Remember, Reza Shah Pahlavi renamed Persia to Iran (literally the land of Aryans) in 1935, one year after Hitler’s rise to power. Savitri Devi was a European Nazi who travelled to India in search of a world where Christian values like egalitarianism did not apply and eventually declared Hitler an avatar of Vishnu.

From there, her works travelled back to the West and were welcomed by neo-Nazis and white supremacists. Her book, The Lightning and the Sun, is still available on the website of William Pierce, the writer of the notorious Turner Diaries. So, is it that far-fetched to think that someone from a nation named after Aryans battling with the current religious identity of the country of their origin would fall prey to such extreme concepts and ideologues?

I do not find the ideological politics around identity too hard to understand. The desire to belong goes to the core of our being. And when there are enough people around subjecting you to discrimination based on your identity, you are bound to double down and embrace it. What, however, bothers me is the superficial roots of discrimination.

Just because someone does not look or sound like me or has different preferences in life, should I treat them as my inferior or, in particular cases, not even human? The fact that we are having these conversations at the end of the first quarter of the 21st century is simply tragic.

However, the greatest tragedy is our desire to adhere to certain thinkers and ideologues of the past unquestioningly. They were ordinary mortals just like us. And the thinkers that the racist far-right often deploys to further its cause (Nietzsche, Darwin, Spengler et al) did not even belong to our millennium.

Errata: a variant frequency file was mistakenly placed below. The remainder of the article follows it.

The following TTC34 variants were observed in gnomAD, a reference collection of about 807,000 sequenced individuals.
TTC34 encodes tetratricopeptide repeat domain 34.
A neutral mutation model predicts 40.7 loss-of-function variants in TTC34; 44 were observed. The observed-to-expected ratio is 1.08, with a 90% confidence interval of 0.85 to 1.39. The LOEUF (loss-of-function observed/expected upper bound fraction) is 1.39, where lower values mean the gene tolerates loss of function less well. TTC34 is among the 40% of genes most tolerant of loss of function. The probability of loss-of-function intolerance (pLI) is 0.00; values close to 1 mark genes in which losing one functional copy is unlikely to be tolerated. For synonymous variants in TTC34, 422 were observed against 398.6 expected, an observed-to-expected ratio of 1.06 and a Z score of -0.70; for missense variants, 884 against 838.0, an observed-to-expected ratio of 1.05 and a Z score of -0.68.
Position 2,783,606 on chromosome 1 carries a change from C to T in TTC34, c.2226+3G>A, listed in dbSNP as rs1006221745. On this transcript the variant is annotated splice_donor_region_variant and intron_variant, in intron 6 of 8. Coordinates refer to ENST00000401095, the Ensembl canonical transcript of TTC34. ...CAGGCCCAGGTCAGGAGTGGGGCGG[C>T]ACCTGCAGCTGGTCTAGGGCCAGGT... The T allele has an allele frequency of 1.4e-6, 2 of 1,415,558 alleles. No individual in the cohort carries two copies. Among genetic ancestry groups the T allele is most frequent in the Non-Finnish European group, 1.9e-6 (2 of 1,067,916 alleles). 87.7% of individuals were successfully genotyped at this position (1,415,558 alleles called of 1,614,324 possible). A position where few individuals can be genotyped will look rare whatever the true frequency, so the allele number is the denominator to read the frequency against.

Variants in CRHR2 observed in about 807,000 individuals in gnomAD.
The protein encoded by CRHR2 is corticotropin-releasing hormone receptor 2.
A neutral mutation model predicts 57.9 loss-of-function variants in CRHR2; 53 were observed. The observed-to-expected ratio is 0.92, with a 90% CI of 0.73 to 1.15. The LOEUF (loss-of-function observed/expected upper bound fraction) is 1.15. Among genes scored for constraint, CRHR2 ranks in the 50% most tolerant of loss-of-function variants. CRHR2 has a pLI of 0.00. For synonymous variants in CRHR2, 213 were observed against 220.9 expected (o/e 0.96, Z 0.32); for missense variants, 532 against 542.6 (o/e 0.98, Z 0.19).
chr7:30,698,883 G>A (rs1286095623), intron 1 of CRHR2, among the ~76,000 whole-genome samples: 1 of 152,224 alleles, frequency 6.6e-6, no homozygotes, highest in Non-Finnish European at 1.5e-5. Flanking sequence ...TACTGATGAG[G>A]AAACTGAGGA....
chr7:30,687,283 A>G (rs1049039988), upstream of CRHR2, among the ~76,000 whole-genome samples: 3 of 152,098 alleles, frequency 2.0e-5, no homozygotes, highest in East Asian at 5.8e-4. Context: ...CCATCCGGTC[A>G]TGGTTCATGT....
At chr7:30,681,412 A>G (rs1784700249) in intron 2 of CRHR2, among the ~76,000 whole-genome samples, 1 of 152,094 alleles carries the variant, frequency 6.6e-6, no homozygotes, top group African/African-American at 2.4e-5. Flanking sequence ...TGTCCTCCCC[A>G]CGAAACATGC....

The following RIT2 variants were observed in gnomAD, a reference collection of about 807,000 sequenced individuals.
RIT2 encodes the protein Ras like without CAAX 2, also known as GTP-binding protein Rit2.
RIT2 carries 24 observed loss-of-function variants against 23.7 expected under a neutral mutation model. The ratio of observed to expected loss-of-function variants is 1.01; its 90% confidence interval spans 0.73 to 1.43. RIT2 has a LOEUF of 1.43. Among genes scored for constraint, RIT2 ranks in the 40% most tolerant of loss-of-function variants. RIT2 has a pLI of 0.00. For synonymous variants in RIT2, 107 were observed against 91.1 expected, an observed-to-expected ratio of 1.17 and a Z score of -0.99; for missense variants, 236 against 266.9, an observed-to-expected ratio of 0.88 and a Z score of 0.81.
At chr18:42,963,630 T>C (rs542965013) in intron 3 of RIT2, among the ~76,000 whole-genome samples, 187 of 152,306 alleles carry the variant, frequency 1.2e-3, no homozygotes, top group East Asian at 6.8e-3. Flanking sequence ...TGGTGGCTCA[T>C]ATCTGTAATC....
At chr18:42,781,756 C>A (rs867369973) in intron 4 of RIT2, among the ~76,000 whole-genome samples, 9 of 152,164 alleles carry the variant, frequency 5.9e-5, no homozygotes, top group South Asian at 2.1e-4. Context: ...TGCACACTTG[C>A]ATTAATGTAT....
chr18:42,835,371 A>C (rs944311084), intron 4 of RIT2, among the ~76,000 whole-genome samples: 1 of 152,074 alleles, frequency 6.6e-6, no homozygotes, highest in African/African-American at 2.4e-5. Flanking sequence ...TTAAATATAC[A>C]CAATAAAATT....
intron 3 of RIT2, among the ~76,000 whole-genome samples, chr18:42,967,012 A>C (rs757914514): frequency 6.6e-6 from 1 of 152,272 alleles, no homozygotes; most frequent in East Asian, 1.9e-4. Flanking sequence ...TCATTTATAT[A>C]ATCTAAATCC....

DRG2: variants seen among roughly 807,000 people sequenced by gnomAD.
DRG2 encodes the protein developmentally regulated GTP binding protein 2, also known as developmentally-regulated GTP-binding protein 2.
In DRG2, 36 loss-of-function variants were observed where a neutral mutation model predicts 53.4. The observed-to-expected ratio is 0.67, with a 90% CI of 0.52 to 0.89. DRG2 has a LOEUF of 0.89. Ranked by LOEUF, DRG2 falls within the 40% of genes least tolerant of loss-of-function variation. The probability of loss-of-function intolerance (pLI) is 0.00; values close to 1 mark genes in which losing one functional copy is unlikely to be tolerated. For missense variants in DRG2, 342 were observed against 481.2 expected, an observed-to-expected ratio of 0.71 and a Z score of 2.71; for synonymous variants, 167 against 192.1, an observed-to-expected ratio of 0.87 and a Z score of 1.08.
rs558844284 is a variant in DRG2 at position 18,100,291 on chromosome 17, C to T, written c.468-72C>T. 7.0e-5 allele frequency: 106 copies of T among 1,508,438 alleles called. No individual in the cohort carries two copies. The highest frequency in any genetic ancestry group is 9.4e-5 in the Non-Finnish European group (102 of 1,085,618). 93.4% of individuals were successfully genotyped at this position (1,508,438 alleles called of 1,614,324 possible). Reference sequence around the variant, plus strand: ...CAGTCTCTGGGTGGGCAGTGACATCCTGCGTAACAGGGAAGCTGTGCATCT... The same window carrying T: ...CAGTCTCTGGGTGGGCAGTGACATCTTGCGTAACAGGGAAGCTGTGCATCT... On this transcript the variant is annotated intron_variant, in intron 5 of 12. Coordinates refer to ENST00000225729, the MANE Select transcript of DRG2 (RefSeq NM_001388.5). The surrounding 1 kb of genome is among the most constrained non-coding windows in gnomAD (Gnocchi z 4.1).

None of them could foresee today’s technology or scientific methods. Why pretend then that they stumbled upon some wellspring of eternal knowledge? With religions, you at least have the claim about the divine origin of knowledge. These intellectuals of renown even lack that. And for remarkable reason, we want to be permanently tethered to these minds made insignificant by technology.

Growing up, whenever I needed to research something, I’d consult an encyclopaedia. When personal computers became affordable virtual encyclopaedias like Encarta became our go-to place. With Wikipedia, the internet made that job even easier. Now, whenever I need to know something, all I need to do is to fire up my smartphone and get in touch with one of the AI chatbots like Gemini, Claude, ChatGPT, Grok or Meta AI to get all the answers I need. And if someone suggests that I learn modern warfare from Chanakya, Sun Tzu or Machiavelli, am I not within my rights to ask what they had to say on the use of automated unmanned aerial vehicles in wars? They must be very smart for their times, but if we legitimise our views by invoking their names, are we really bright? What is the value of giving so much power to dead intellectuals?

Don’t get me wrong. I am not suggesting you abandon all works of all great thinkers, far from it. These works have literary value. If you have time, by all means, read them. But do not allow them to control your actions.

Also, instead of projecting, read them in their proper context. If you want to start somewhere, start with Karl Popper’s The Open Society and Its Enemies.

Bad readings are ruining our world and vigilance pays.